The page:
Will Dahl and Spiel­berg be a match made in heaven?

SFX - - The BFG - Richard Edwards

Un­til this sum­mer, the only BFG to make it to the big screen was the Rock’s Big F**king Gun in the Doom movie. In the mean­time, Roald Dahl’s fa­mous Big Friendly Gi­ant has some­how re­mained con­fined to the clas­sic novel, an in­ge­niously staged the­atre adap­ta­tion, and a 1989 car­toon adap­ta­tion from DangerMouse cre­ators Cosgrove Hall. That’s about to change cour­tesy of Steven Spiel­berg, who (per­haps sur­pris­ingly) is ven­tur­ing into the world of Roald Dahl for the first time – armed with a script from his ET screen­writer, the late Melissa Mathi­son.

It’s been a long old road bring­ing the book to the screen, with fre­quent Spiel­berg col­lab­o­ra­tors Frank Marshall and Lu­cas­film head hon­cho Kath­leen Kennedy hav­ing first started de­vel­op­ing a movie in the early ’90s – at one stage Robin Wil­liams was at­tached to star as the BFG. But the lim­i­ta­tions of film­mak­ing tech­nol­ogy at the time – how do you con­vinc­ingly place So­phie, a nor­mal 10-yearold girl, next to a 24-foot gi­ant? – meant an ex­tended stay in de­vel­op­ment hell for the gi­ant. En­ter the magic of per­for­mance cap­ture, which is be­ing used to turn Spiel­berg’s Bridge

Of Spies star (and awards-mag­net) Mark Ry­lance into the gi­ant.

“One of the most im­por­tant things for Steven was to have the ac­tors in the same space so they were re­lat­ing to each other, so Mark, as the gi­ant, was re­ally talk­ing to So­phie,” Marshall tells En­ter­tain­ment Weekly. “Even five, 10 years ago the two ac­tors would have had to be in dif­fer­ent stages to do this. That wouldn’t work very well.”

Along­side Ry­lance, new­comer Ruby Barn­hill (best known in Blighty for CBBC show 4

O’Clock Club but mak­ing her movie de­but) plays or­phan/gi­ant ab­ductee So­phie; Flight Of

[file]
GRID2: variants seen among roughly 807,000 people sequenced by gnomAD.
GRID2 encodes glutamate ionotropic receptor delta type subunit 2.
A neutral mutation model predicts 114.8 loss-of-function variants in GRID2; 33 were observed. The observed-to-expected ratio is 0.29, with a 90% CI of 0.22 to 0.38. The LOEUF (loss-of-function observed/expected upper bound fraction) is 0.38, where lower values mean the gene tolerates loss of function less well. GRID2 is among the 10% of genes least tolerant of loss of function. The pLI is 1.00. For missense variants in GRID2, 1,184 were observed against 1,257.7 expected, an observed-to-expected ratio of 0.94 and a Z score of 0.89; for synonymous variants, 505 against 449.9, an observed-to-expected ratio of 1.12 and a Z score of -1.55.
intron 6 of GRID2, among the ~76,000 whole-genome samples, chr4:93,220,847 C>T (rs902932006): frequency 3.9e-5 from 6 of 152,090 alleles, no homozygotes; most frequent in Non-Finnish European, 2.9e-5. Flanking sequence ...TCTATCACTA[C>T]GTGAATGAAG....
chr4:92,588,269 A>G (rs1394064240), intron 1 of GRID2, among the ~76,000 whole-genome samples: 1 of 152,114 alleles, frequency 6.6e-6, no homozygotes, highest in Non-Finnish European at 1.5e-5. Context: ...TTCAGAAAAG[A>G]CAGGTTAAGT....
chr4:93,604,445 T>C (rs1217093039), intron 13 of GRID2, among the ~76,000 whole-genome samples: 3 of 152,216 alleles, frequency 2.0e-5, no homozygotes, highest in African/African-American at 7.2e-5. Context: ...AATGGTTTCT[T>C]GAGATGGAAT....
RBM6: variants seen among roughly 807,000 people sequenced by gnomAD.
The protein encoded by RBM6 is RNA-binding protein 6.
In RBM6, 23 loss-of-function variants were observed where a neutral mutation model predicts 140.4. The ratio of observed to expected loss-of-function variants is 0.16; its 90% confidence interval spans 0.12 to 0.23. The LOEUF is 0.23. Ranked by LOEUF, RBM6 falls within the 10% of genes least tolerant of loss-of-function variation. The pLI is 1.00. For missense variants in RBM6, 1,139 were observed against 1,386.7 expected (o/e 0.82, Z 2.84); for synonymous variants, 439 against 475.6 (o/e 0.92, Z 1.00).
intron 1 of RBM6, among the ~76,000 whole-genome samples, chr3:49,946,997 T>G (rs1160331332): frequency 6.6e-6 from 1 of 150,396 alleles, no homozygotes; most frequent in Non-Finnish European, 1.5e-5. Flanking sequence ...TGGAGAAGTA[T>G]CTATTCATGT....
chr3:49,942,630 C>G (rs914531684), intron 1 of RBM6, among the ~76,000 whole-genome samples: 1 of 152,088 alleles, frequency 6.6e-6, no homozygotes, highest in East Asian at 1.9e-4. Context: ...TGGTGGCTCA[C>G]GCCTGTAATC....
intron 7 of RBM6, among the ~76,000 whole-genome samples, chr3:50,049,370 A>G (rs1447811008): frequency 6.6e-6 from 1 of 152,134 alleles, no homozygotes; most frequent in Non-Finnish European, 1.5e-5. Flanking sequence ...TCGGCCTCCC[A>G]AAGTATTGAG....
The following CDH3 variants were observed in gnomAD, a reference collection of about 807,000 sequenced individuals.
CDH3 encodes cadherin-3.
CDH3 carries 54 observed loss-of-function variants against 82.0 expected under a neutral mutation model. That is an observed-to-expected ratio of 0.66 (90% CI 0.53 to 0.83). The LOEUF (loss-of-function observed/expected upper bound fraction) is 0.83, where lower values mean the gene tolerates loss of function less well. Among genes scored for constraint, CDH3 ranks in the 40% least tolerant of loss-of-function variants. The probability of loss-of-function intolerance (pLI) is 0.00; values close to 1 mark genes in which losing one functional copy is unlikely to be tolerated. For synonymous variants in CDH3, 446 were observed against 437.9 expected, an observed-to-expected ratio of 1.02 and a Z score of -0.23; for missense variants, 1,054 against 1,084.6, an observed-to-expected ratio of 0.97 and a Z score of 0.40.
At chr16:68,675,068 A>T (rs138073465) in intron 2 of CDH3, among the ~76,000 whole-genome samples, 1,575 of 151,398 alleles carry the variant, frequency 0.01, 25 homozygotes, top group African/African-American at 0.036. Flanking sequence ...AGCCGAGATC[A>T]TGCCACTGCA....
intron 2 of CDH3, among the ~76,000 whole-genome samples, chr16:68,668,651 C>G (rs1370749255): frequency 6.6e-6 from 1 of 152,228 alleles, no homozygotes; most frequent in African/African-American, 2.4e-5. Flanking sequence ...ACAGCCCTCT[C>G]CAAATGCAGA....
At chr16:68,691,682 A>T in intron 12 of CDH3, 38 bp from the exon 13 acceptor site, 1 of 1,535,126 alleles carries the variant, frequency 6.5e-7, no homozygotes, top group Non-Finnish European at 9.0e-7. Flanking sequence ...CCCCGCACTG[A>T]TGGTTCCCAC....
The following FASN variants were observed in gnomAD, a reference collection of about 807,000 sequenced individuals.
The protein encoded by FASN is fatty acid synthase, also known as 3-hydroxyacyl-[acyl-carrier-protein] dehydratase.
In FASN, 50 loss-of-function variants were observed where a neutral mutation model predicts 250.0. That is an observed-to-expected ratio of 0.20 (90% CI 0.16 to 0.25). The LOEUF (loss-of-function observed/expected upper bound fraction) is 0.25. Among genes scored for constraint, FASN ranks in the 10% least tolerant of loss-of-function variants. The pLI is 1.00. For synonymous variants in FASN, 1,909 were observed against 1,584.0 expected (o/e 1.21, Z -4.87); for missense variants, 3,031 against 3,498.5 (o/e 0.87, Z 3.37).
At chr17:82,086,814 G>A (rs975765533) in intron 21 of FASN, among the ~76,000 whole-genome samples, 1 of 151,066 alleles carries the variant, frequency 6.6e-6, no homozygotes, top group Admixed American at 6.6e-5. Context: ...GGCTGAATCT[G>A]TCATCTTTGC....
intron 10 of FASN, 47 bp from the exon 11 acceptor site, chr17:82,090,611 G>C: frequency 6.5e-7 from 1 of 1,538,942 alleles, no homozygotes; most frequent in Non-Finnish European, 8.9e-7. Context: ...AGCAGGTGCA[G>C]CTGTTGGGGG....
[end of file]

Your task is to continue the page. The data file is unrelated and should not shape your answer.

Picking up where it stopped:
The Con­chords’ Je­maine Cle­ment plays the won­der­fully named Flesh­lum­peater, leader of the child-eat­ing fac­tion of giants; and Pene­lope Wil­ton is wel­comed into roy­alty as a queen who – cre­at­ing a con­sti­tu­tional night­mare by dis­play­ing rather more power than a Bri­tish monarch usu­ally would – helps the BFG and So­phie un­leash the full might of the UK mil­i­tary to take the nasty giants down. (No UN res­o­lu­tions here...)

Ry­lance’s big-eared BFG looks re­mark­ably faith­ful to the Quentin Blake-in­spired pic­tures in our head, and it seems the story will stick sim­i­larly closely to Dahl’s novel – even down to “Gob­ble­funk”, the BFG’s unique take on English, with all its trog­gle­humpers, snoz­zcum­bers, whiz­zpop­pers and frob­scot­tle.

“We’ve kept very loyal to Dahl. It’s a very loyal in­ter­pre­ta­tion of the book,” Spiel­berg says. “The chal­lenge is go­ing to be in dif­fer­ent for­eign coun­tries, do­ing the dub, finding the equiv­a­lent word in the lexicon of Ital­ian or French or Ger­man or Span­ish, you know what I’m say­ing?”

Ruby Barn­hill’s So­phie is go­ing to have this ex­pres­sion a fair bit.

Give So­phie a big hand…

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